• USCIS will accept I-485 applications filed before 10/13/2020 without all required forms and evidence.  Requests for evidence will be issued for the missing documents.  
  • After 10/13/2020, USCIS will reject I-485 applications filed without all required forms (e.g., I-864, I-944) and evidence at the time of filing.
  • Similarly, USCIS will issue RFEs for missing evidence for I-129, I-129CW, I-539 and I-539A applications, presumably based on the same schedule above. 


The Department of State, which controls overseas visa applications, will likely follow suit soon by resuming the implementation of the Public Charge Rule.  

Visa Bulletin Predictions - October 2020 - Major EB Advancements Expected


As we are getting close to the new fiscal year, the October visa bulletin is expected to be published very soon. The ongoing pandemic makes it difficult for AILA to get DOS Visa Office Chief Mr. Charlie Oppenheim's insight about the upcoming visa bulletin. But AILA does provide some pointers by analyzing the conversations they had with Charlie and the visa bulletins for the same period in the past few years. 

Being the first month of the fiscal year, October will bring a new batch of available visa numbers by law. However, substantial advancement is not expected in Family-Based categories due to the temporary closure of the overseas visa offices during the pandemic. Movement of the Employment-Based 5th preference category (EB-5) will also likely be limited for the same reason. 

For the other Employment-Based categories, as anticipated by Charlie in July, the available visa numbers could be significantly increased with the unused Family-Based numbers from fiscal year 2020. The law allows that unused visa numbers from the previous fiscal year be used in the following year.  Charlie expected in July that the FY2021 Employment-Based numbers to be "at least 250,000", which is significant.

For FY2021, usage of the Family-Based immigrant visas is expected to remain low due to ongoing pandemic and the travel and visa bans imposed by the Trump administration. Although many consular offices are starting to reopen, they are mostly only accepting appointments for emergencies and special situations but have not yet resumed the regular visa services. 

There is a possibility that all Employment-Based categories in October 2020 will immediately become current, just like the summer of 2007.  But that possibility is dampened by the diminished agency processing capacity, caused by budgetary challenges and possible furlough of USCIS workers.  In other words, USCIS may not have the resources to handle a large influx of cases within a short period of time. 

There are also some pending bills for recapturing unused Family-Based visas back to the Family-Based categories in FY2021. But they are not likely to be passed any time soon.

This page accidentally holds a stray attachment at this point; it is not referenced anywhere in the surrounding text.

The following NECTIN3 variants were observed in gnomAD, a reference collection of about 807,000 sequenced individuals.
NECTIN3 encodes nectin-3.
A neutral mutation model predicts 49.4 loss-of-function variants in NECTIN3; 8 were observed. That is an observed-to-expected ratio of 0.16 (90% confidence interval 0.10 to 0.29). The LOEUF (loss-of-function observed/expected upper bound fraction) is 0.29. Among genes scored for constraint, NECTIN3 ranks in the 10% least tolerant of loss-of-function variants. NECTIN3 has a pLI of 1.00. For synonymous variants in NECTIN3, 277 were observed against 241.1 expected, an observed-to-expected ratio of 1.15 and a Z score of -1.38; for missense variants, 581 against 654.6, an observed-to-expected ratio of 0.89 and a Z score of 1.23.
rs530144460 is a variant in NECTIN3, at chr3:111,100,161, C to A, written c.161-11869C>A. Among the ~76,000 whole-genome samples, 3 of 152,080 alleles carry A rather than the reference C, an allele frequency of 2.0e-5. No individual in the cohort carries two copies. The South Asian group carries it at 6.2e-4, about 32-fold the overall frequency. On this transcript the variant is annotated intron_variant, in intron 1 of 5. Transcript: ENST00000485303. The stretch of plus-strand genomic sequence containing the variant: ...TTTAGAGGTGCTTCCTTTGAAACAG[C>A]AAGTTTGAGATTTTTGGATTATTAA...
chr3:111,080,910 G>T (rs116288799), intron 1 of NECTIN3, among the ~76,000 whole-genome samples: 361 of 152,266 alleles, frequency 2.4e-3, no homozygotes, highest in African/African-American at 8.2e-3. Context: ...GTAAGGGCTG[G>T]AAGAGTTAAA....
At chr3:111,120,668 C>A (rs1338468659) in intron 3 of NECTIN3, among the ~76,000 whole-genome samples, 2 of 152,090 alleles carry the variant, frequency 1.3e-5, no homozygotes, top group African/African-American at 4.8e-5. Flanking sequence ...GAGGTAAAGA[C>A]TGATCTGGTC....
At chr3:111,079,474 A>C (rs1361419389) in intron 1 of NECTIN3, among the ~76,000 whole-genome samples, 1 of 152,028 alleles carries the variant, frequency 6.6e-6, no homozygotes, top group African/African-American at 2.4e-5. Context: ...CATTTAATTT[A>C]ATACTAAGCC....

USCIS has also scheduled major fee increases and form revisions to take effect on October 2, 2020.  However, new versions of the forms have not been published yet and lawsuits have already been filed to challenge the fee increases in court.    

In sum, we are expecting to see significant forward advancements in the Final Action Dates of Employment-Based visa categories for October.  Applicants should be prepared to file their I-485 Application to Adjust Status very soon by conferring with their attorneys and collecting the required documents such as birth certificates and status documents. 

The October visa bulletin should be released in the next few days. Keeping abreast of the latest developments is very important for immigrant visa applicants during this unpredictable time.


(Immigration laws and policies change regularly.  If you have any questions regarding this article, please visit www.1visa1.com to schedule legal consultation.) 

Friday, September 11, 2020

State Department Guidance On DV-2020 Applications


The U.S. Department of State provided some guidance regarding the Diversity Visa 2020 application process on 09/09/2020 after a D.C. federal court held that Diversity Visa 2020 winners should have their visa applications processed as soon as possible before September 30th.

The State Department stated that DV-2020 applications may be processed in embassies and consular posts according to the local health conditions and resources. However, if a local consular office is not able to process cases due to local health conditions and resource constraints, an applicant may request his/her case be transferred to another embassy or consulate by contacting that new post directly. 
The State Department will prioritize the processing of applications as follows:

  • Individuals who were named plaintiffs in Gomez v. Trump and its companion cases;
  • Applicants who had already been interviewed who seek reissuance or to overcome a prior refusal;
  • Applicants who were scheduled for appointments in March, April, or May and whose appointments were cancelled due to the COVID-19 pandemic and worldwide suspension of routine visa processing;
  • For posts that have additional capacity to process applications and are not exhausted by the three categories above, applicants whose cases are pending with the Department’s Kentucky Consular Center.


Although DV-2020 applicants may be issued an immigrant visa under the court order, DV visa recipients are still subject to Presidential Trump's Proclamation 10014.  Hence, they would not be able to enter the U.S. until after the expiration date (12/31/2020) of the Proclamation, unless they meet one of the exceptions.  
If a DV-2020 applicant’s visa expires before the expiration date of 12/31/2020 of Proclamation 10014, they will be unable to enter on that visa.  More importantly, those applicants would not be issued a new visa after 09/30/2020 under the law. 
DV Applicants Present in the U.S. 
If you are a DV-2020 winner that were in the U.S. or held a valid immigrant visa, on April 23, 2020, you are exempt from PP 10014. Applicants who held DV visas on April 23 but were unable to travel and have since had their visas expired, may be reissued a DV visa before the September 30, 2020 deadline.